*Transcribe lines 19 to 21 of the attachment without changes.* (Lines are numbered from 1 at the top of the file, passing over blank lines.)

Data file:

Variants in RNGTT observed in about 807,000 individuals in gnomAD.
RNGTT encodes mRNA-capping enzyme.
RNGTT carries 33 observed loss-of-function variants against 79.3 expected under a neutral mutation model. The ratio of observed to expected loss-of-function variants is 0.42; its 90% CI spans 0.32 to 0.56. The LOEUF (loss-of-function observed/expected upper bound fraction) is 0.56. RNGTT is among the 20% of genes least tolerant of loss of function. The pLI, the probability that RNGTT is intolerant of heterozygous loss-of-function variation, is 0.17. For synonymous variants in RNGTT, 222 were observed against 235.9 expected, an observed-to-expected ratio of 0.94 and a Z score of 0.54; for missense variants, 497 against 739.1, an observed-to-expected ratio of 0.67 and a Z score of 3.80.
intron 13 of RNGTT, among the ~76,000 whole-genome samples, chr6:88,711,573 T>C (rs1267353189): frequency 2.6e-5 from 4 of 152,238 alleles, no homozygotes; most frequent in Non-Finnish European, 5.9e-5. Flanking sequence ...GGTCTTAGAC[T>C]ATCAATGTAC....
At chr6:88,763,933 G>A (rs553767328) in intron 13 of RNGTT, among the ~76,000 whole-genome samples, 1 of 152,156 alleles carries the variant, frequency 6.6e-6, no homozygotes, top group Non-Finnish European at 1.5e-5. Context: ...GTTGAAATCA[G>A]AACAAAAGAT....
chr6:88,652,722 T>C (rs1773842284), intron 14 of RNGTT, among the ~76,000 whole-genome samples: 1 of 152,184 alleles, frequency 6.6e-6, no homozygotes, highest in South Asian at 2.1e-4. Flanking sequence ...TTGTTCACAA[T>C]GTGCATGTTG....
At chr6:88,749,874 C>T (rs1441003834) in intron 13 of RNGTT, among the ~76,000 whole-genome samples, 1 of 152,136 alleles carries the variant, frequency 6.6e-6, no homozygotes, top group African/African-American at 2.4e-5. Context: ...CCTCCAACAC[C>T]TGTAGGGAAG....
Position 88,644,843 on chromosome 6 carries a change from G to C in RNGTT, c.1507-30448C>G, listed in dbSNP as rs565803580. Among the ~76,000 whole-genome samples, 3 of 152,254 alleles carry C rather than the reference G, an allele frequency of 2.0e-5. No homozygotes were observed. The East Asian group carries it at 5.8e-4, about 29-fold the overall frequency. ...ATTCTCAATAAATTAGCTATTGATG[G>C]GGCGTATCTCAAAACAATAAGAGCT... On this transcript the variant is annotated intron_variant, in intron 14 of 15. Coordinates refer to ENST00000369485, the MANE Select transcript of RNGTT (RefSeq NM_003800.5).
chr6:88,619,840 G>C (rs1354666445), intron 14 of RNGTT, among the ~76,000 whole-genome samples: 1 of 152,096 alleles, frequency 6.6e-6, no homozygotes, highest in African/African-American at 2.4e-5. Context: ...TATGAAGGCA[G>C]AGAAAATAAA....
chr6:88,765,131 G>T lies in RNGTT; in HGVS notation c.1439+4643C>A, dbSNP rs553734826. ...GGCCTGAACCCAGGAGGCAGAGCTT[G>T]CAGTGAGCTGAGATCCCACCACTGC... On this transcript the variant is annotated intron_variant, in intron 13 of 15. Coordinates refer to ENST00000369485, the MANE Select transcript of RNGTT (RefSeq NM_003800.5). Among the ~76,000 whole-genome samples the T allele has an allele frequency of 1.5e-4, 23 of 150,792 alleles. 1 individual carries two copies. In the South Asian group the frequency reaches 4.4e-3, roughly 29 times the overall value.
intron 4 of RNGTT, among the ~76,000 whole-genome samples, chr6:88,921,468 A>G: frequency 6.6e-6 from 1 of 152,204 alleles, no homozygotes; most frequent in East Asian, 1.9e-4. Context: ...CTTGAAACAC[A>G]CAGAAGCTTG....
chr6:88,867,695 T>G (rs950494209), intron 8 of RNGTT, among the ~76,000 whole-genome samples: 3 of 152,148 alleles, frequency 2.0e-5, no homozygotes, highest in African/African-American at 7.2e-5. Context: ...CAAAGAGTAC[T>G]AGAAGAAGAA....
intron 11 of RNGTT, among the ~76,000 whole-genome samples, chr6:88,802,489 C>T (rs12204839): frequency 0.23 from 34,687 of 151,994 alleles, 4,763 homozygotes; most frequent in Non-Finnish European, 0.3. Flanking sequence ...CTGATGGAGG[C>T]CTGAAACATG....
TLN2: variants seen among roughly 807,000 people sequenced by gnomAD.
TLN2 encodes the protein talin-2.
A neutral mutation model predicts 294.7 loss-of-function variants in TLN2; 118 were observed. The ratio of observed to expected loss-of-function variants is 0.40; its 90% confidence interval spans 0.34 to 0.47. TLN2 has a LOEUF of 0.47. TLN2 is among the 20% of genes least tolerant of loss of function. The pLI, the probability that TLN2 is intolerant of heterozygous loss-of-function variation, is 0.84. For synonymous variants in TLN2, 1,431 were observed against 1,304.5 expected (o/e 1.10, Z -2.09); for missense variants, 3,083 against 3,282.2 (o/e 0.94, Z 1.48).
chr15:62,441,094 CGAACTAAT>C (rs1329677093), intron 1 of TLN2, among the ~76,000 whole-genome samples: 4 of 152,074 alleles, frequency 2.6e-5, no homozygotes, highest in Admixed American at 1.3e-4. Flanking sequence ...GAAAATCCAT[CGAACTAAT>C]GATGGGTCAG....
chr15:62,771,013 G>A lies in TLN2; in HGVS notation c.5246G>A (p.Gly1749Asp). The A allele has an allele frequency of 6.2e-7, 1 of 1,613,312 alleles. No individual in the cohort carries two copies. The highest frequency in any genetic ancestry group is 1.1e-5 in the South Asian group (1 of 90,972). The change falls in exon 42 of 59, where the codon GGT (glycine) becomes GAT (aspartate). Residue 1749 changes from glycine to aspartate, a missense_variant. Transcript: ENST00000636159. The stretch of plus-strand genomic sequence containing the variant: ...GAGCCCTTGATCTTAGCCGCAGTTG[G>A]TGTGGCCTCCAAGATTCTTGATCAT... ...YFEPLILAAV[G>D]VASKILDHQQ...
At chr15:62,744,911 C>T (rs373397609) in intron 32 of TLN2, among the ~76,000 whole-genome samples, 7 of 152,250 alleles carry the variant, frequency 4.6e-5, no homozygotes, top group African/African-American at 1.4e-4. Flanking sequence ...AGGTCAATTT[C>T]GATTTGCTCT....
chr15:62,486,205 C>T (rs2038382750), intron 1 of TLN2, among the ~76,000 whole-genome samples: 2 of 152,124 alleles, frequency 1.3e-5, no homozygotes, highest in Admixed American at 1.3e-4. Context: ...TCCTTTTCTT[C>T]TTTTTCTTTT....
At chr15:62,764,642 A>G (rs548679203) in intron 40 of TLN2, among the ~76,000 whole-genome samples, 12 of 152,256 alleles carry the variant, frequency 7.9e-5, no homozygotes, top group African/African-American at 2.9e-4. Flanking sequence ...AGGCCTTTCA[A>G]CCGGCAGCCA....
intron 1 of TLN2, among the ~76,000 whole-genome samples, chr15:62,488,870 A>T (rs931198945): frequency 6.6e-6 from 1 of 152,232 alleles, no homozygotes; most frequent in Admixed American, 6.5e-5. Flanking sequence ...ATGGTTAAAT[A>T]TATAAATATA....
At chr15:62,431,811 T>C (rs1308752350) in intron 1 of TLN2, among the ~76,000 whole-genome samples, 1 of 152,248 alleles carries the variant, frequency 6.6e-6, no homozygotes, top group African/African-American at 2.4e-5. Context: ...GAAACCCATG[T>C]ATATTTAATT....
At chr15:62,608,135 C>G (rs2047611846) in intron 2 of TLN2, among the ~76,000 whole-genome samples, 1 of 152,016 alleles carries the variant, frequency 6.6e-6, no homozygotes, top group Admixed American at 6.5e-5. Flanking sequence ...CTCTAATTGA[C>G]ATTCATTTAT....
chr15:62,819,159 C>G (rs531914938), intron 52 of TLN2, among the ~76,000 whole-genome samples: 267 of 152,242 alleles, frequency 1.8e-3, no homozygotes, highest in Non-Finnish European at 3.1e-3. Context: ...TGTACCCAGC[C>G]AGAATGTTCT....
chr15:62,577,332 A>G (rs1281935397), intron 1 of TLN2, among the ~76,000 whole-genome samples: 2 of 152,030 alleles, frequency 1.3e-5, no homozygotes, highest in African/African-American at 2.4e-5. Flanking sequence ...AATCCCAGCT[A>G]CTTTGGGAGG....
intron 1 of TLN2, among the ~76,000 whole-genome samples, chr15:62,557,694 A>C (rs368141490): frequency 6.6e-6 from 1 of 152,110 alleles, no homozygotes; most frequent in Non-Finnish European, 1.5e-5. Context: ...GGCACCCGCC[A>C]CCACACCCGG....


At chr15:62,744,911 C>T (rs373397609) in intron 32 of TLN2, among the ~76,000 whole-genome samples, 7 of 152,250 alleles carry the variant, frequency 4.6e-5, no homozygotes, top group African/African-American at 1.4e-4. Flanking sequence ...AGGTCAATTT[C>T]GATTTGCTCT....
chr15:62,486,205 C>T (rs2038382750), intron 1 of TLN2, among the ~76,000 whole-genome samples: 2 of 152,124 alleles, frequency 1.3e-5, no homozygotes, highest in Admixed American at 1.3e-4. Context: ...TCCTTTTCTT[C>T]TTTTTCTTTT....
At chr15:62,764,642 A>G (rs548679203) in intron 40 of TLN2, among the ~76,000 whole-genome samples, 12 of 152,256 alleles carry the variant, frequency 7.9e-5, no homozygotes, top group African/African-American at 2.9e-4. Flanking sequence ...AGGCCTTTCA[A>G]CCGGCAGCCA....